Who would lead the German unification? There were two major Germanic empires at the time, Prussia and Austria, and they competed with each other for the leadership role.

Adding to the atmosphere was a kind of ghost: Louis-Napoleon Bonaparte, nephew of Napoleon I, took power in France as Emperor Napoleon III in a coup d'état in 1852. This was a shock to the people of the British public, who feared another era of Napoleonic conquest. However, the people of the British public were incredulous when Napoleon III sought friendship with England. This marked a dramatic change into British-French relations after centuries of warfare, and the two countries were allies in the Crimean War of 1854-56.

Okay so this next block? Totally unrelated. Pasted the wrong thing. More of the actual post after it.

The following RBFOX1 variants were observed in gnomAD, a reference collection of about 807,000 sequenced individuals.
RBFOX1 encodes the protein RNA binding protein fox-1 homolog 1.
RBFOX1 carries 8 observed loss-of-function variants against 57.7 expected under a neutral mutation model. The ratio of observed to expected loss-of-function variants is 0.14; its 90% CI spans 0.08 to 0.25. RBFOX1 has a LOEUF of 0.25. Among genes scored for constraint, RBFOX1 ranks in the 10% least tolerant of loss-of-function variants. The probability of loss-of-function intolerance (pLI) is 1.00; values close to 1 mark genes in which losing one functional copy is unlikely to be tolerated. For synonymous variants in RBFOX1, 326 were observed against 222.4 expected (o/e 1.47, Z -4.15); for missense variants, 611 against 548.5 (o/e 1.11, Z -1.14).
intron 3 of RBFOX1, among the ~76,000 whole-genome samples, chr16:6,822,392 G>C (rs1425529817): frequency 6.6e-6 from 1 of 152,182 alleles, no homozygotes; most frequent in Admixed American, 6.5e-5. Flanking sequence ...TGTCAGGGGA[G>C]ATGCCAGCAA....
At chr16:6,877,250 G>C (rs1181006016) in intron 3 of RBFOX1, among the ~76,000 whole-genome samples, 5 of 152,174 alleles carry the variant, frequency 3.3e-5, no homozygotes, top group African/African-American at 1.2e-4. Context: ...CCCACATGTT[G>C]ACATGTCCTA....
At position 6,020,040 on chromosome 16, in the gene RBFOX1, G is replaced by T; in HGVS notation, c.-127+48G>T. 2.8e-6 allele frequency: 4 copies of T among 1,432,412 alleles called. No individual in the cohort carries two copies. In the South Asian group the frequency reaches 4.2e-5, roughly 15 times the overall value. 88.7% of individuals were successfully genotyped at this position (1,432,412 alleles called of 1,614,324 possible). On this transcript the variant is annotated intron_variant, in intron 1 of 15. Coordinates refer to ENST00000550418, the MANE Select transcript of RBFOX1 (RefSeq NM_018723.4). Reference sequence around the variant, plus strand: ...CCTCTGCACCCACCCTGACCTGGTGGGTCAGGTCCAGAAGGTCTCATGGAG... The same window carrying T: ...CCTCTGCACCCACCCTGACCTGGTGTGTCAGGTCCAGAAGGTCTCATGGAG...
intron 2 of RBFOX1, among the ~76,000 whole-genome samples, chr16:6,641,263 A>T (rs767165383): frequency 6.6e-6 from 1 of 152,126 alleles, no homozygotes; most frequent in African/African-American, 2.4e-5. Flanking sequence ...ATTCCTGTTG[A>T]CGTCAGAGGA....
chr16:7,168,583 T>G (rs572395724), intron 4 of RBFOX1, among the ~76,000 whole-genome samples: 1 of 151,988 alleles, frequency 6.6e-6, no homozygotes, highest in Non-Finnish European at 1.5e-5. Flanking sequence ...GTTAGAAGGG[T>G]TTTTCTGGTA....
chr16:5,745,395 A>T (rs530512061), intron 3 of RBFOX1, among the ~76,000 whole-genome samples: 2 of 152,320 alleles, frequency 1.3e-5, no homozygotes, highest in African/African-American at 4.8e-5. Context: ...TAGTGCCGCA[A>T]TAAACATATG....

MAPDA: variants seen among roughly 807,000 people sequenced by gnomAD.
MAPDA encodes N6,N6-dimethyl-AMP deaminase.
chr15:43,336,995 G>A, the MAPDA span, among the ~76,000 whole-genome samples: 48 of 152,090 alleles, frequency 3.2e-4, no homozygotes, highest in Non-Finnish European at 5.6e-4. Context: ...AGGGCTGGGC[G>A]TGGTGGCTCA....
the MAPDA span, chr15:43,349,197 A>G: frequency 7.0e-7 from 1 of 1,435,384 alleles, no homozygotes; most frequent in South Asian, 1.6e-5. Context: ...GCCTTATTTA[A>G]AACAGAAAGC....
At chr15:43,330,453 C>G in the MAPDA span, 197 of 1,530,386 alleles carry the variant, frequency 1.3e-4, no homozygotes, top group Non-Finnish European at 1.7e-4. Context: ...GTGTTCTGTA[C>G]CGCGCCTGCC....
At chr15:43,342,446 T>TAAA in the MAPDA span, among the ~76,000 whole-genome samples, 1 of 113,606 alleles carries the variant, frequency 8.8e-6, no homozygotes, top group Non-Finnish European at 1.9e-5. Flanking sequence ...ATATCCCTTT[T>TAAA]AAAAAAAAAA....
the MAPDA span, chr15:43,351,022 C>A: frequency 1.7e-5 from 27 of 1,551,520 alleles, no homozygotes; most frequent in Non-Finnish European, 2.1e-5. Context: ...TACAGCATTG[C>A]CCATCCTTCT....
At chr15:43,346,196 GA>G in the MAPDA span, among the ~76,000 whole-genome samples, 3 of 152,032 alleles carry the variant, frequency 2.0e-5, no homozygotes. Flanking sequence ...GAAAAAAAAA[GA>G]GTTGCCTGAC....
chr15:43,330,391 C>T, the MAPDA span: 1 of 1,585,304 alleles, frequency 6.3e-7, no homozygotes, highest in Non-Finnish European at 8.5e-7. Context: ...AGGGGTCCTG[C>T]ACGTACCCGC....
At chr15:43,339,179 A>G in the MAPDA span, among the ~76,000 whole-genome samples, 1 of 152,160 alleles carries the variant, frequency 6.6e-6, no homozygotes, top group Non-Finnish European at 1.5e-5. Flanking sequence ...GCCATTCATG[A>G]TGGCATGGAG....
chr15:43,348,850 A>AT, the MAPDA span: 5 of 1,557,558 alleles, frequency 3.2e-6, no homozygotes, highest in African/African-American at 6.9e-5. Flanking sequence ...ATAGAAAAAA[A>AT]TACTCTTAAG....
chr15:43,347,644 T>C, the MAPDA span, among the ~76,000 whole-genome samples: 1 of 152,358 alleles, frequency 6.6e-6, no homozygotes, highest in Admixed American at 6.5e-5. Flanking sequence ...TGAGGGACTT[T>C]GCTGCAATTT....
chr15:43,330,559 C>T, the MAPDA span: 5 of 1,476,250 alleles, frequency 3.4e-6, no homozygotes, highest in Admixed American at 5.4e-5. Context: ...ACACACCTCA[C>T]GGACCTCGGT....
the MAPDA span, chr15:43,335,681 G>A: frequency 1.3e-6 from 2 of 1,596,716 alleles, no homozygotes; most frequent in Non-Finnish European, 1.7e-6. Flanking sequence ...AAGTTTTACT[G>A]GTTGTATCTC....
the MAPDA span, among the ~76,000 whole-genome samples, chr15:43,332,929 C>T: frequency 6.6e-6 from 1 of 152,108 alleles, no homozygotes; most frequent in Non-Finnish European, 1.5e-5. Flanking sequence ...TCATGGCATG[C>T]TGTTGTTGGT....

Into this atmosphere came Otto von Bismarck, an obscure Prussian diplomat who became Chancellor of Prussia in 1862. History records Bismarck as both master politician and brilliant military tactician, in that he seems to have snookered just about everybody, while building up and using his army to achieve his goal of German unification under Prussia.

In an 1864 war with Denmark, Prussia and Austria wrested two German territories from Denmark, and Bismarck used the opportunity to enlarge the Prussian army. Then in 1866, he provoked Austria into declaring war on Prussia, and defeated Austria with his enlarged army. Finally, in 1870, he provoked France into declaring war on Prussia. In both cases, he gained political advantages the sympathy generated when another country declared war on Prussia, and he gained territory by actually winning both wars.